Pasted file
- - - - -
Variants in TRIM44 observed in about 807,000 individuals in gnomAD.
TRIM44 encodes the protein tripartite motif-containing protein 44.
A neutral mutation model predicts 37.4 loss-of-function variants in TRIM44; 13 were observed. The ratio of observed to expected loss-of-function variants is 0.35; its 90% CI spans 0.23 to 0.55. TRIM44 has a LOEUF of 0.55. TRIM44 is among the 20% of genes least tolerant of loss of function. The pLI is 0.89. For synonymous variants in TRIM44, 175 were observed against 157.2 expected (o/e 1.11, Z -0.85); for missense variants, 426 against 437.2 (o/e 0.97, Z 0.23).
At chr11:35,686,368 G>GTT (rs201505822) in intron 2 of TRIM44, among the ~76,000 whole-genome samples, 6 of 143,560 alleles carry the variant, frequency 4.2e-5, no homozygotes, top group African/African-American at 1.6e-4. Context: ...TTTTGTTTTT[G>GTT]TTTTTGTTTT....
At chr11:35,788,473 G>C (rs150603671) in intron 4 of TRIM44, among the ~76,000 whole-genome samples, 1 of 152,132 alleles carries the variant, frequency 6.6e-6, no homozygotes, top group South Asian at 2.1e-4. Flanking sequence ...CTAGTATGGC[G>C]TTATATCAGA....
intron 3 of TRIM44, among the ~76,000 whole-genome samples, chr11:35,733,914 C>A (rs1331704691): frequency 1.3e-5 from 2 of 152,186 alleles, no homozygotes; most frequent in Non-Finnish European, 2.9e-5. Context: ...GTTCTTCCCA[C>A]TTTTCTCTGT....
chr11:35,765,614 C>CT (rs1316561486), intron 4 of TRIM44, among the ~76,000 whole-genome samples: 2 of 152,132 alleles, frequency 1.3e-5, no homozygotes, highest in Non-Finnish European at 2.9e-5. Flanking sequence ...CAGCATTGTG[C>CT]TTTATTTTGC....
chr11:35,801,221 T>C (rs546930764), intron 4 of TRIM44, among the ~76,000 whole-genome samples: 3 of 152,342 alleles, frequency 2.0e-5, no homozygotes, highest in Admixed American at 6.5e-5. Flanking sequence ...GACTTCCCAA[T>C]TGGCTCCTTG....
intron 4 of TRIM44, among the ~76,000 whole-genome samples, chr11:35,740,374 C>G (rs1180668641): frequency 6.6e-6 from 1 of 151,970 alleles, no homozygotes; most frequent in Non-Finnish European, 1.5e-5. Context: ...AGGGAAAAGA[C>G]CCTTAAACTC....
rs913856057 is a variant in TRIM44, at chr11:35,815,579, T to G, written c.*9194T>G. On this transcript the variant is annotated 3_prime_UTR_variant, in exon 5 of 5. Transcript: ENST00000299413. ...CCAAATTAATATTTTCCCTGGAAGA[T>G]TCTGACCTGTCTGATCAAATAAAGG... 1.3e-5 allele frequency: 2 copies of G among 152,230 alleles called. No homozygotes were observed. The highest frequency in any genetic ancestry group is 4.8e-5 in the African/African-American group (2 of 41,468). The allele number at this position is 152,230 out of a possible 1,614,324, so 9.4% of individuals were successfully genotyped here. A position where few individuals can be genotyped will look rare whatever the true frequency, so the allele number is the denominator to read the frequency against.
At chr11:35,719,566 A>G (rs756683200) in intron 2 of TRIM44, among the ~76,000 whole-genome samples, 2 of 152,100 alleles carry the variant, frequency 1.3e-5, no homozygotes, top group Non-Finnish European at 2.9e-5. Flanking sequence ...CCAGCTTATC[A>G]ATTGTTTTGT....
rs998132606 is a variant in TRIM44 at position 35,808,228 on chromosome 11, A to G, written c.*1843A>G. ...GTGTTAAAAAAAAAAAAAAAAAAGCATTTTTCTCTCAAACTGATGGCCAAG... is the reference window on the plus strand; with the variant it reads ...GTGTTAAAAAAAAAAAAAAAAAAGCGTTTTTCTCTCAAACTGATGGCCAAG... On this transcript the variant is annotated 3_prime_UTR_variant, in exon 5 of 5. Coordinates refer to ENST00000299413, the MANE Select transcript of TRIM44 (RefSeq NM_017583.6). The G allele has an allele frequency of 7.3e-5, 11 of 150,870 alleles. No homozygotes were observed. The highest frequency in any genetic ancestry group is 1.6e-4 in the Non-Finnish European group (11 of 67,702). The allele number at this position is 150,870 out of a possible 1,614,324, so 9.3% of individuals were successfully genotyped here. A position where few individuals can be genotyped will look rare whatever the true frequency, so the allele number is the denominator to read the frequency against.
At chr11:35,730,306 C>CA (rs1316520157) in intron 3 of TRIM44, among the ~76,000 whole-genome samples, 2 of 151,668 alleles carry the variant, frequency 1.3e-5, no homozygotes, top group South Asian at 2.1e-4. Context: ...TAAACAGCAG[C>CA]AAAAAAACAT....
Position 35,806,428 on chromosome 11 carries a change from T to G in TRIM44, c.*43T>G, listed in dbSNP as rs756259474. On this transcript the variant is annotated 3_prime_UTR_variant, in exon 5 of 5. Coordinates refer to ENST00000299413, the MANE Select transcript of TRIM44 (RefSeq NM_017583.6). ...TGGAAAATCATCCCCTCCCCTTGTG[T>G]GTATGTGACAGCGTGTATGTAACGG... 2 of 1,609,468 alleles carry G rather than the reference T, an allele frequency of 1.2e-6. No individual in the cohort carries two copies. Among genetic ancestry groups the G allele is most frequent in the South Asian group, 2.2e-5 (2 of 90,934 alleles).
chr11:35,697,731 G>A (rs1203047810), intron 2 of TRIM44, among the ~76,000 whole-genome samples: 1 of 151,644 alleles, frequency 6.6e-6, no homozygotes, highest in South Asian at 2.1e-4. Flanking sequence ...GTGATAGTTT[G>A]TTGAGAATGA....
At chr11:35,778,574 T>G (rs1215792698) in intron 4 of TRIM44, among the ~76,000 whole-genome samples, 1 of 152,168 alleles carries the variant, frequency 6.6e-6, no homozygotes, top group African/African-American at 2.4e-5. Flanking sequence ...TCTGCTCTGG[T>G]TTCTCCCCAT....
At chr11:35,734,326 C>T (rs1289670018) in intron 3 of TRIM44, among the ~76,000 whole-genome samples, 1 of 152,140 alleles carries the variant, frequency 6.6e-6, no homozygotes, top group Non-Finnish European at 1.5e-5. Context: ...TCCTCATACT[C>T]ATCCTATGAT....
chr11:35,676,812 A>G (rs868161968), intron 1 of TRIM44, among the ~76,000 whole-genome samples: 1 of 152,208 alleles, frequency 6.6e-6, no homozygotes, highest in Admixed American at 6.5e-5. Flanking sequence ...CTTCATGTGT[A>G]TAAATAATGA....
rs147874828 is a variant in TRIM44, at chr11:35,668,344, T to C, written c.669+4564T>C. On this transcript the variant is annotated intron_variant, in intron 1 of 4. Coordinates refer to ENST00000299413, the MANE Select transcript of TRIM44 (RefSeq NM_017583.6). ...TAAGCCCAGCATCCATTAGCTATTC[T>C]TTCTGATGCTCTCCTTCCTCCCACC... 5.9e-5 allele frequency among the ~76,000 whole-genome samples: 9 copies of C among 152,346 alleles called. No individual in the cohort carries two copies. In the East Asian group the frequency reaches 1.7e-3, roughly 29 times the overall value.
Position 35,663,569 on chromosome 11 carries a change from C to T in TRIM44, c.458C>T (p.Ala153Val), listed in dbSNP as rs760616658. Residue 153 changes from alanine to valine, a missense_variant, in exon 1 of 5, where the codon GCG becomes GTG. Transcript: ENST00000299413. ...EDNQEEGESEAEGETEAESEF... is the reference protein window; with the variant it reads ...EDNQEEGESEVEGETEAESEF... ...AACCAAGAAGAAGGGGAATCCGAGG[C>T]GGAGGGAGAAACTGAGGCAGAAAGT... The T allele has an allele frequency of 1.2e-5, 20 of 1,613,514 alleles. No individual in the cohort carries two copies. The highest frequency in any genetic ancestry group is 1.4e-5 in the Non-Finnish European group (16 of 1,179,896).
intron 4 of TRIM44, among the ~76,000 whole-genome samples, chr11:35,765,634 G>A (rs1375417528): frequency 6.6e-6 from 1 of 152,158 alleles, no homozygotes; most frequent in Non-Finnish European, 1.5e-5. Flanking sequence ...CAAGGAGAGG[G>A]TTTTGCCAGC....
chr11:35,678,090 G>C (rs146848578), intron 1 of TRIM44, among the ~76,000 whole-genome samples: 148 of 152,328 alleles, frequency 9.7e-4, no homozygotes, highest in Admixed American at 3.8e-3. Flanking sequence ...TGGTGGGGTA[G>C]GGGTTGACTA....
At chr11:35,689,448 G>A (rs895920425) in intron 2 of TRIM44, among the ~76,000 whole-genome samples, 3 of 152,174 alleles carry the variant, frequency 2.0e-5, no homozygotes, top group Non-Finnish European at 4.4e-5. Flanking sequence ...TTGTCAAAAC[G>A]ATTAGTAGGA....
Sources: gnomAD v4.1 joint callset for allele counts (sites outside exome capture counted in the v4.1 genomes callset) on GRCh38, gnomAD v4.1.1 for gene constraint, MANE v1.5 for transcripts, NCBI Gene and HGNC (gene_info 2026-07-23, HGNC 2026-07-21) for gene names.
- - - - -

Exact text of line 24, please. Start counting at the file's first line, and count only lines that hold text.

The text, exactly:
Sources: gnomAD v4.1 joint callset for allele counts (sites outside exome capture counted in the v4.1 genomes callset) on GRCh38, gnomAD v4.1.1 for gene constraint, MANE v1.5 for transcripts, NCBI Gene and HGNC (gene_info 2026-07-23, HGNC 2026-07-21) for gene names.